When Jesus walked out of his grave on that first Easter morning, it wasn’t just a resurrection.

It was an insurrection as well.

We tend to limit the implications of the resurrection as eternal and spiritual. Believers know it paved a path to heaven, but how did it transform the way we live life before that?

I contend that the resurrection (in addition to its eternal, spiritual implications) was an act of war against a particular empire (the Roman one), and every empire since — and it was a conflict that was short and lopsided. Spoiler alert: the empires, kingdoms of this world, and governmental authorities were totally annihilated.

It was not subterfuge. It was public, powerful, visible, and obvious. When Jesus walked out of his tomb, he declared once and for all who was boss.

When you think of the garden tomb, you likely don’t think of government oversight. The truth is, the tomb was sealed tightly and guarded at the request of the political elite(Matthew 27:66). Officials did not want the body of the man who claimed to be God to be stolen by his followers. What they could not defend against was the tomb being robbed from within.

This was an inside job.

The forces of government were puny by comparison. They didn’t stand a chance that morning. They haven’t stood a chance ever since.

In Revelation 19, a rare Easter Scripture reference to be sure, we meet a Warrior who is called “Faithful and True.” His robe is dipped in blood and he’s riding a white horse. In case anyone is missing the imagery, the author or Revelation comes right out and tells us the name of this great Warrior — “The Word of God.” Jesus, flanked by the armies of heaven, is set to do battle with the nations of the world. He will “rule them with an iron scepter” it is said. On his robe and on his thigh is this message, lest anyone be confused:


The funny thing about Revelation 19 is a battle never happens. “The Beast” is captured. All his cronies are killed by the sword coming out of the Warrior’s mouth. His cronies, according to Revelation 15, are the nations of the world.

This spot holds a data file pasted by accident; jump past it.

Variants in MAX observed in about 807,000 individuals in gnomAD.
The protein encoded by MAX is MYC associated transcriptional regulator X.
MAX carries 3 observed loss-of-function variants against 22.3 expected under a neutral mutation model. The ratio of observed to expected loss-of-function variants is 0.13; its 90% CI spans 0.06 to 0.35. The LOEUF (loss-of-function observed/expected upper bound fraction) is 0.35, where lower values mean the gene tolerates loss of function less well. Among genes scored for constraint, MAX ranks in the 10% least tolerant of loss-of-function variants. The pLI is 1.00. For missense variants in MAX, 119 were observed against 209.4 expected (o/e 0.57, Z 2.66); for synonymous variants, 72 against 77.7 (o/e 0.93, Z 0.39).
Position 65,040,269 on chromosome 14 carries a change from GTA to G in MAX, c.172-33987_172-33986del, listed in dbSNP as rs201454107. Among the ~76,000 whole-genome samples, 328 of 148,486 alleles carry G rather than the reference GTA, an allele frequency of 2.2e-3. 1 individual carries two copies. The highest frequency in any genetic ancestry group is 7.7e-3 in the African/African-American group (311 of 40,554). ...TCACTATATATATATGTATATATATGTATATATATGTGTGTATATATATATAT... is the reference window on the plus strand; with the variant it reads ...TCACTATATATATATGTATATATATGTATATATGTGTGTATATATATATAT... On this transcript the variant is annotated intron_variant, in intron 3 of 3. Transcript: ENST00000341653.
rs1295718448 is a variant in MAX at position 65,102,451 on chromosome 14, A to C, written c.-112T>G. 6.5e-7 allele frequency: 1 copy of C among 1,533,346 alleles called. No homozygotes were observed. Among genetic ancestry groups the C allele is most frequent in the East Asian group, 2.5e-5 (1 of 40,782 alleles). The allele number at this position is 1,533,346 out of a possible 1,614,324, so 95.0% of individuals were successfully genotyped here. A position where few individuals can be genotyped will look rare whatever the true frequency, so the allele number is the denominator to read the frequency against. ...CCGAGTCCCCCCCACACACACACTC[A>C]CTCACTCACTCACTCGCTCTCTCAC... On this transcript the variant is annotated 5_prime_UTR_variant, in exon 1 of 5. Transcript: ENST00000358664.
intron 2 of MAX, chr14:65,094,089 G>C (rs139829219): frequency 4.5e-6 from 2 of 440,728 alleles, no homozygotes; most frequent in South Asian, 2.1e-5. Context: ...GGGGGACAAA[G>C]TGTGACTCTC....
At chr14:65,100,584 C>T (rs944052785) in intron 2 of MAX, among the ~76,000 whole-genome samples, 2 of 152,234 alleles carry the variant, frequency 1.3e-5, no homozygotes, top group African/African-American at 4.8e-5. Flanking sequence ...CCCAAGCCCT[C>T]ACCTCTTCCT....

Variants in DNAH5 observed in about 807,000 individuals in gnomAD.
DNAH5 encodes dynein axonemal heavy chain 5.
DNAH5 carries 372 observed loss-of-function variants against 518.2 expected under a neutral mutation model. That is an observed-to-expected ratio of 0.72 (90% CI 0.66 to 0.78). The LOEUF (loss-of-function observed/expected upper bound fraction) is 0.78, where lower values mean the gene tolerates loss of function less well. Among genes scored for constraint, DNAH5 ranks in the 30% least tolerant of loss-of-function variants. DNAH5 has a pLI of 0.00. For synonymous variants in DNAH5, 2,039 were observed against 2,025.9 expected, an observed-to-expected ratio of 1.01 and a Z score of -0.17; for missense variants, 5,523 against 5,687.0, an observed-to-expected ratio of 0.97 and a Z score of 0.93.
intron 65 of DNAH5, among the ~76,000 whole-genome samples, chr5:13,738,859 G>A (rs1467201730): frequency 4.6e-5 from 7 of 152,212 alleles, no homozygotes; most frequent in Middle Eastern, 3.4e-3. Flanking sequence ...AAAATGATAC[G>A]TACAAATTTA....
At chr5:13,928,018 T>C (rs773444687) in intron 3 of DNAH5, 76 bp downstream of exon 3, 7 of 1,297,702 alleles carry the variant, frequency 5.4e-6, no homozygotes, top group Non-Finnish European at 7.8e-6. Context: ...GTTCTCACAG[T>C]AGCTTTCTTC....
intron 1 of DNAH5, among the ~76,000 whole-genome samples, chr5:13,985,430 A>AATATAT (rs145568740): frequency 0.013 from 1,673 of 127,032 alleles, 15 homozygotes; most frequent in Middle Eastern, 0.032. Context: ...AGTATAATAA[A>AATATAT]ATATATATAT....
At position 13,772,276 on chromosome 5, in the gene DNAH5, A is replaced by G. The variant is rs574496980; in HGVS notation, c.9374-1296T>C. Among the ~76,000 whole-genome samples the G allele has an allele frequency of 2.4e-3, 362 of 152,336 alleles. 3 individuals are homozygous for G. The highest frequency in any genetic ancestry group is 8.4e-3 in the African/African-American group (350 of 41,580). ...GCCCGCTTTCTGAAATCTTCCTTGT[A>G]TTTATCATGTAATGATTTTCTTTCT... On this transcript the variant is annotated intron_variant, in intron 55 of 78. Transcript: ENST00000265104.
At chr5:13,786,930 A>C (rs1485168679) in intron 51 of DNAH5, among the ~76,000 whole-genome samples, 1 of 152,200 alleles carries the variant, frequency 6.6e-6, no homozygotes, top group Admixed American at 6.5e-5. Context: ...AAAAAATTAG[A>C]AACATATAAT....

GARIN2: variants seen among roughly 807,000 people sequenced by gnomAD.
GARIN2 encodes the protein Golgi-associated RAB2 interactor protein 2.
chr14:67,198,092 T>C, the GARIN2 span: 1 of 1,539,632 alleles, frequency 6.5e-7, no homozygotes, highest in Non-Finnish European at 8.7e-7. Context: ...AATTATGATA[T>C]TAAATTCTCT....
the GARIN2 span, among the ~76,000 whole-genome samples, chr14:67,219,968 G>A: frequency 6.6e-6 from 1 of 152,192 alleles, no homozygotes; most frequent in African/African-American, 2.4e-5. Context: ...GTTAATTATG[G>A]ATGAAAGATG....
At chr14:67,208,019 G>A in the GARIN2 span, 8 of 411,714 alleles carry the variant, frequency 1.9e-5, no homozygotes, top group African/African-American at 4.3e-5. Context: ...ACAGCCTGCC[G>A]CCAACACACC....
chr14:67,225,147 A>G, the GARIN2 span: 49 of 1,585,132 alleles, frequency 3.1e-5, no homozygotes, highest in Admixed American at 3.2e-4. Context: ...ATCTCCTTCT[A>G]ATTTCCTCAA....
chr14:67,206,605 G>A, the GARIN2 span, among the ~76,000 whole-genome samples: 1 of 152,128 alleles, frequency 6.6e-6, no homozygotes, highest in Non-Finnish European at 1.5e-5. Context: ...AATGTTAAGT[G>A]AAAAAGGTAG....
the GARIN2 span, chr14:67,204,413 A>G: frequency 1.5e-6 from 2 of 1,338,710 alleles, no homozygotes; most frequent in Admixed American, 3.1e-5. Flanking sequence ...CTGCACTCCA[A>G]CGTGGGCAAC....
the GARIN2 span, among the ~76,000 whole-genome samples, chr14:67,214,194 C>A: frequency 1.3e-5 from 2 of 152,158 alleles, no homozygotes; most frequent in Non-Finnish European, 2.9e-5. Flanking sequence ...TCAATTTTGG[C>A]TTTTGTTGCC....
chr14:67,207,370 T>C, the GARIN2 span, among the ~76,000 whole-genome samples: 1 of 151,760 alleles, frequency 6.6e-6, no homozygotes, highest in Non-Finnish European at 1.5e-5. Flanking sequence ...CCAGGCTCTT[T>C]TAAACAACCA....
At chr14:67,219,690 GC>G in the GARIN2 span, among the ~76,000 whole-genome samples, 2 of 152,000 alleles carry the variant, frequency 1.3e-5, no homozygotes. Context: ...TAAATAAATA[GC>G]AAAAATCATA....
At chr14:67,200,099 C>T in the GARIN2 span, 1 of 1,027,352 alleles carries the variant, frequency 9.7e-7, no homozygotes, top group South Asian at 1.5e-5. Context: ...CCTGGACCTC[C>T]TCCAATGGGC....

There are plenty of people (smart, Jesus-loving people) who place the events of Revelation 19 at some point in the future. I am not one of those people. I believe Revelation is referring to the resurrection of Jesus from death. This victorious act is not forthcoming, it has already occurred. It was his victory over death which served as his victory over all.

But it was not just a resurrection.

It was an insurrection.

This King wasn’t just declaring that since he rose from dead we could too (Romans 6, 1 Corinthians 15). Instead, he was putting every other kingdom on notice. He is the King of Kings. He is the Lord of Lords. The sealed tombstones and wimpy guards are no match for him, nor are governmental powers, authorities, land boundaries, treaties, pacts, alliances, or constitutions. They are so insignificant by comparison.

So what now? What are citizens of these insignificant powers to do in response?

  1. Recognize the inferiority of your kingdom. Many limit the Easter event to an eternal future. But as we’ve already seen…Jesus wasn’t just defeating death, he was declaring war on everyone complicit in perpetuating cultures of death and brokenness and pain and oppression. He alone can fix this. Anyone else who claims they can do something, regardless of how skilled they may seem, is issuing a promise as fragile as the seal that was stamped on Jesus’ tomb. With a whisper the God of the Universe can overcome all the evil of broken, earthly kingdoms. He proved that much at approximately sunrise on the first Resurrection Day.
  2. Join the insurrection. If this is all true, then we should join the winning team. Not in a weak, half-hearted way that seeks to blend our allegiance to Jesus with additional allegiances to passing, broken kingdoms. The powers we so often pledge allegiance to are destined to fade. No government is immune. The Kingdom of God is forever, the resurrection declares. So why ally yourself with the losing squad? Join the insurrection — invisible yet powerful. Meek but mighty. Victorious, though massively misunderstood.

“Easter as an act of war” is a stunning choice of vocabulary for those who live in a culture that is comfortable embracing multiple kings. But alas, no matter our national, economic, social, or institutional alliances, there is only room in our hearts for one King.

That King walked out of his own grave.

It wasn’t just a resurrection.

It was an insurrection.

Easter was an act of war — a war that has not only been declared, but one that has already been waged and won.

May we lay down our arms and surrender to the Winner, the Champion, the Warrior who broke the seal of oppression and sealed our fate as eternally his.

And may we join the present insurrection so that more hearts might be captured for our King.

One thought on “Easter: An Act of War

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